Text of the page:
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Effectiveness of pulmonary rehabilitation in COPD with mild symptoms: a systematic review with meta-analyses

Authors Rugbjerg M, Iepsen UW, Jørgensen K, Lange P

Received 3 December 2014

Accepted for publication 23 January 2015

Published 17 April 2015 Volume 2015:10(1) Pages 791—801


Checked for plagiarism Yes

Review by Single anonymous peer review

Peer reviewer comments 3

Editor who approved publication: Dr Richard Russell

Mette Rugbjerg,1 Ulrik Winning Iepsen,1 Karsten Juhl Jørgensen,2 Peter Lange1,3,4

1The Centre of Inflammation and Metabolism and The Centre for Physical Activity Research, Department of Infectious Diseases, Rigshospitalet, University of Copenhagen, Copenhagen, Denmark; 2The Nordic Cochrane Centre, Rigshospitalet, Copenhagen, Denmark; 3Department of Respiratory Medicine, University Hospital Hvidovre, Copenhagen, Denmark; 4Department of Public Health, Section of Social Medicine, University of Copenhagen, Copenhagen, Denmark

Purpose: Most guidelines recommend pulmonary rehabilitation (PR) for patients with chronic obstructive pulmonary disease (COPD) and modified Medical Research Council dyspnea scale (mMRC) levels ≥2, but the effectiveness of PR in patients with less advanced disease is not well established. Our aim was to investigate the effects of PR in patients with COPD and mMRC ≤1.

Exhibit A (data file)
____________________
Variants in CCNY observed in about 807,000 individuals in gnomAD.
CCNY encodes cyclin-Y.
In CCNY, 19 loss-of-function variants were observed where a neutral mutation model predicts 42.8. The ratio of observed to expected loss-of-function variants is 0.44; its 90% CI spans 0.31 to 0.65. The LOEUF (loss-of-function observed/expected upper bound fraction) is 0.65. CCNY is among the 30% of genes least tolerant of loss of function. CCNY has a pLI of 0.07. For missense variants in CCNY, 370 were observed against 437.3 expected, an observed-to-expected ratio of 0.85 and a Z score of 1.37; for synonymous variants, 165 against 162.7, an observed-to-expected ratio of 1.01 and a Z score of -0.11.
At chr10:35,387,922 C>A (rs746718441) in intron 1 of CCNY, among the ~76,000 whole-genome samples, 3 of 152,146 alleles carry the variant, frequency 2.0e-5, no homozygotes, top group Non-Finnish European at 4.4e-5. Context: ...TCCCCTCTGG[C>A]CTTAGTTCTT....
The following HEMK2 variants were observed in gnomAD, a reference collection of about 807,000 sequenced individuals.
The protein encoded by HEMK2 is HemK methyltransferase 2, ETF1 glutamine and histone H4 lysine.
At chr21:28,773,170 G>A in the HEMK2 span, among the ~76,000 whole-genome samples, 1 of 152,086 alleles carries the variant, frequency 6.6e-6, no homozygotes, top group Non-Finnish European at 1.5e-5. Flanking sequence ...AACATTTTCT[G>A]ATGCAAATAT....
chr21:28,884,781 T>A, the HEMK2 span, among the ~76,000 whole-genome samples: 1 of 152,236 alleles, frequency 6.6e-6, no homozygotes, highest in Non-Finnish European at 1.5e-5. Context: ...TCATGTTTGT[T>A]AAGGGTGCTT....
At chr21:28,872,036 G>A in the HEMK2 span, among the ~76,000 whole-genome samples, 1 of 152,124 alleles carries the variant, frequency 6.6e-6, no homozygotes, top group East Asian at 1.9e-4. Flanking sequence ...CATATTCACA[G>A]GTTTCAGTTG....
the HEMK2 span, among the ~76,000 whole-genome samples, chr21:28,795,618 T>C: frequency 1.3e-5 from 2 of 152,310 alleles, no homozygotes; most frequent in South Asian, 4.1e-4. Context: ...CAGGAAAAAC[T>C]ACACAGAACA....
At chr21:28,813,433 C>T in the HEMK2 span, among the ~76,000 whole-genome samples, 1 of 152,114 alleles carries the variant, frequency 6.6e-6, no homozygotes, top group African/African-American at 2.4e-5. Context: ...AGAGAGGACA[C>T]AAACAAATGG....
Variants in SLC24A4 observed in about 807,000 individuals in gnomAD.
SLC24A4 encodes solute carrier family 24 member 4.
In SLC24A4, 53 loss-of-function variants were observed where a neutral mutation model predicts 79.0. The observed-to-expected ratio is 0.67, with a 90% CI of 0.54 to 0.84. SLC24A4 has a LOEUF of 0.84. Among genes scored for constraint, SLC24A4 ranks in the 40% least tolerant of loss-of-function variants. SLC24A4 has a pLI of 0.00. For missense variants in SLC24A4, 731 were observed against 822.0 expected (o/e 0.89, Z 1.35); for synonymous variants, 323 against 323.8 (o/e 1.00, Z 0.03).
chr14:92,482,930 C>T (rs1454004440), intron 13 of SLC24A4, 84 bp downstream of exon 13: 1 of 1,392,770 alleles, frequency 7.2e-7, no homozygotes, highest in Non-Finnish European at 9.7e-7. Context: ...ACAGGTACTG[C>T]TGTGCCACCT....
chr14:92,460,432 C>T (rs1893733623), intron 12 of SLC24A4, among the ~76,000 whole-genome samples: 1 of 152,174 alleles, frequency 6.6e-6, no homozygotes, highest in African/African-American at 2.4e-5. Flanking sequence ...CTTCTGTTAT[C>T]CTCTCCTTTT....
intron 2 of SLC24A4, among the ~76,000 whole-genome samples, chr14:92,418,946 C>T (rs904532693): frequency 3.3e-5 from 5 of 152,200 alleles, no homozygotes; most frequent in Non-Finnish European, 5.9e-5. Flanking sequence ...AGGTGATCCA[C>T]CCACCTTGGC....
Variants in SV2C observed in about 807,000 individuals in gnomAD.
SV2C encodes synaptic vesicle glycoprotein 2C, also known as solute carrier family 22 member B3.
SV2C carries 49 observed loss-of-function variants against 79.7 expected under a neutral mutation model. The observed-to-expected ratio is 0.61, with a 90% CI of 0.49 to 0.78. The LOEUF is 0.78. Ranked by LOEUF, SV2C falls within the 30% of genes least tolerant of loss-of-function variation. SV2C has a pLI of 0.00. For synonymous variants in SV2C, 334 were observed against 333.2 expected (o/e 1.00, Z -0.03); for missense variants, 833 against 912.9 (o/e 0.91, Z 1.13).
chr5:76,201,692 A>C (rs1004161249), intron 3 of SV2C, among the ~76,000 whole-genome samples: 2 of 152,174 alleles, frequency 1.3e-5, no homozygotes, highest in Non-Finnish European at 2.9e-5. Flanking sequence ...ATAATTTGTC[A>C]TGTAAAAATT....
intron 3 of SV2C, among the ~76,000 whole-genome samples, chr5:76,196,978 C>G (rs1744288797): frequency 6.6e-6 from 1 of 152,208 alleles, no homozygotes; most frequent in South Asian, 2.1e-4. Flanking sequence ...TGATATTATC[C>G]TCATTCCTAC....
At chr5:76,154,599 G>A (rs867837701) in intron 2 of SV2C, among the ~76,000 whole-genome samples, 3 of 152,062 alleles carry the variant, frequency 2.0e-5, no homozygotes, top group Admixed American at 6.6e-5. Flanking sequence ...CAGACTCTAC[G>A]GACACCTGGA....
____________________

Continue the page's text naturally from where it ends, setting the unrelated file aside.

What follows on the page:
Methods: The methodology was developed as a part of evidence-based guideline development and is in accordance with the principles of the Grading of Recommendations Assessment, Development and Evaluation (GRADE) Working Group. We identified randomized controlled trials (RCTs) through a systematic, multidatabase literature search and selected RCTs comparing the effects of PR with usual care in patients with COPD and mMRC ≤1. Predefined critical outcomes were health-related quality of life (HRQoL), adverse effects and mortality, while walking distance, maximal exercise capacity, muscle strength, and dropouts were important outcomes. Two authors independently extracted data, assessed trial eligibility and risk of bias, and graded the evidence. Meta-analyses were performed when deemed feasible.
Results: Four RCTs (489 participants) were included. On the basis of moderate-quality evidence, we found a clinically and statistically significant improvement in short-term HRQoL of 4.2 units (95% confidence interval [CI]: [-4.51 to -3.89]) on St George’s Respiratory Questionnaire, but not at the longest follow-up. We also found a statistically significant improvement of 25.71 m (95% CI: [15.76–35.65]) in the 6-minute walk test with PR; however, this improvement was not considered clinically relevant. No difference was found for mortality, and insufficient data prohibited meta-analysis for muscle strength and maximal exercise capacity. No adverse effects were reported.
Conclusion: We found a moderate quality of evidence suggesting a small, significant improvement in short-term HRQoL and a clinically nonsignificant improvement in walking distance following PR in patients with COPD and mild symptoms. This resulted in a weak recommendation of routine PR in these patients using the GRADE approach.

Keywords: pulmonary disease, COPD, COPD with mild symptoms, physical activity, pulmonary rehabilitation, health-related quality of life

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